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WandaVision Episode 1 Features A Spider-Man: Homecoming Connection You Completely Missed

Contains spoilers for WandaVision

Finally, the day has come and WandaVision has officially premiered. With fans rushing to Disney+ to watch the first two episodes available now, there's probably a lot that they're missing on the first watch-through. Marvel is known for including many Easter eggs and small details into nearly every scene, either setting up for events to come or merely referencing Marvel history and mythology. Of course, WandaVision is no exception to this standard, and there are plenty of hidden Easter eggs for eagle-eyed fans to find.

In the opening episode of the series, viewers are taken into a black-and-white sitcom modeled after 1950s hits like I Love Lucy. Happily married and moving into a new neighborhood, Wanda Maximoff (Elizabeth Olsen) and Vision (Paul Bettany) begin living a normal everyday life — or at least as normal as life can be for a super-powered woman and her android love. While the first episode of WandaVision recounts a disastrous yet still surprisingly successful dinner with Vision's boss Mr. Hart and his wife (Fred Melamed and Debra Jo Rupp), there are a surprising amount of important details in the credits of the show within the show.

If you weren't paying close attention, you might have missed a sneaky reference to a character from Spider-Man: Homecoming.

The important name included in the sitcom's fake credits

After Wanda and Vision successfully make it through the work dinner, they sit their couch and lament about missing the trademarks of a normal relationship. The "episode" of the WandaVision sitcom comes to an end and the camera zooms out, revealing that it's playing on a strange monitor in what looks like a decked-out observation room. An unknown person is writing down notes, as multiple monitors track other variables. Along with that, there is a clear S.W.O.R.D. logo in the corner of one screen. 

But that's not all. In the fake sitcom's credits, there's a list of seemingly random names for director, production manager, director of photography, and other expected roles. However, not all of the names are meaningless. The name of the supposed director, Abe Brown, is actually a character from Spider-Man: Homecoming.

Played by Abraham Attah, Abe is a member of the Midtown School of Science and Technology's decathlon team, alongside Ned Leeds (Jacob Batalon), Michelle Jones (Zendaya), and Peter Parker (Tom Holland). He appears at the decathlon event in Washington D.C., as well as in the Washington Monument when Peter has to rescue everyone. Abe works together with teammate Cindy Moon (Tiffany Espensen) and his other friends, and appears to be friendly with Peter.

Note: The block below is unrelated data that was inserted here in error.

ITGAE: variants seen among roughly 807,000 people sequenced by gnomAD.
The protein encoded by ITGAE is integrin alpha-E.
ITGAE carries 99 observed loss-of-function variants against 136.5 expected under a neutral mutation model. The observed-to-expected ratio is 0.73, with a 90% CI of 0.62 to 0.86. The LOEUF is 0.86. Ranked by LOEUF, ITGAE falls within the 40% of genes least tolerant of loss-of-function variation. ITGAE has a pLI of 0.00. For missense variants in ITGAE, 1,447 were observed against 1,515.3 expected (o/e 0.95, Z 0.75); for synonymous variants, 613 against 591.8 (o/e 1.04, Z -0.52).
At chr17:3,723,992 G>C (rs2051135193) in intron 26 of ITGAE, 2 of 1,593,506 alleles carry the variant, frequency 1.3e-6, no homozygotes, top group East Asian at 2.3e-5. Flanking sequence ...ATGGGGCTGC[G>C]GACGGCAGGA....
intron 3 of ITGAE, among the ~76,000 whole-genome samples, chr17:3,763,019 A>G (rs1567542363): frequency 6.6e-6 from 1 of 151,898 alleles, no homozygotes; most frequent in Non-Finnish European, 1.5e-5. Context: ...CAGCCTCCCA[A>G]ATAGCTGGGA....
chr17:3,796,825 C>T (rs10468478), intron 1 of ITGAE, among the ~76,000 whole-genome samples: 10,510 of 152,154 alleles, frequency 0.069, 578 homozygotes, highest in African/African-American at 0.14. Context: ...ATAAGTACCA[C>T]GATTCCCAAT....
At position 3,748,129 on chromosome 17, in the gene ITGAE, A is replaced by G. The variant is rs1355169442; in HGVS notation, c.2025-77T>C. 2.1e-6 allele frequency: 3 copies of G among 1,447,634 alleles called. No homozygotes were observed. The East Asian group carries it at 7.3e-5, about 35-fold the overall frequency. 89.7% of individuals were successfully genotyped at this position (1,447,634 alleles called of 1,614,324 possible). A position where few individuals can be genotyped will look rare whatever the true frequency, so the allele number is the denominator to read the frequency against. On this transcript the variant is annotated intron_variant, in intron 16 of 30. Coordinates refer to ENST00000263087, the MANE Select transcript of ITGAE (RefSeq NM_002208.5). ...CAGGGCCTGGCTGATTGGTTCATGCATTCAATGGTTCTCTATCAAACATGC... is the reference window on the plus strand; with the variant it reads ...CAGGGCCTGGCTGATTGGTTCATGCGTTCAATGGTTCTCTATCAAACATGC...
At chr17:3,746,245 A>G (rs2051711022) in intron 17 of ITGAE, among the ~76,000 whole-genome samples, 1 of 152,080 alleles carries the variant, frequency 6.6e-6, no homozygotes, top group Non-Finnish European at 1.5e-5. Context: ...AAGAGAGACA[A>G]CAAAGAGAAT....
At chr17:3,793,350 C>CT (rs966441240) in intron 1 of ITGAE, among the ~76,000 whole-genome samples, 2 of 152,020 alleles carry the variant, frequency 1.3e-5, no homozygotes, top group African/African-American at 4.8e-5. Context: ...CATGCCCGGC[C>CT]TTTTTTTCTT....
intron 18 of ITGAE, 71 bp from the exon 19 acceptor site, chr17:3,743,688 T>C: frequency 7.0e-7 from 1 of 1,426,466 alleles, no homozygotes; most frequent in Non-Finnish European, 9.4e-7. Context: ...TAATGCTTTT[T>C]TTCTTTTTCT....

Abe Brown's role as Black Tiger in the comics

Spider-Man: Homecoming depicted multiple characters with significant roles in the Marvel comics as Peter's classmates. This includes Tiffany Espensen as Cindy, known as Cindy Moon in the comics, who becomes the superhero Silk, and decathlon teammate Betty Brant (Angourie Rice), who's a reporter at the Daily Bugle in the comics. 

Then there's Abe Brown, whose Marvel history goes back to 1974 with his first appearance in Deadly Hands of Kung Fu #1. Growing up in Harlem, Abe takes up martial arts as a form of defense. Through kung fu, he becomes friends with Lin Sun and Bob Diamond, and together, they form the Sons of the Tigers. Later on, Abe is given the title of Black Tiger, an important hero for the Muslim people of Murkatesh (via Comic Vine). Despite having no superpowers, Abe is so skilled that he can catch a bullet with his bare hands. 

The character also has a significant connection to another superhero: the Prowler, aka Hobie Brown, who is his younger brother. Though initially a thief, the original Prowler quickly changes his ways and becomes a key ally to Spider-Man. A later iteration of the Prowler named Aaron Davis, a petty criminal, also shows up in Spider-Man: Homecoming played by Donald Glover. 

Looking at WandaVision, it's likely that the inclusion of Abe Brown's name in the sitcom's credits is only there as a callback to the character. But who knows? It could turn out to be a surprisingly important detail in the rest of the season.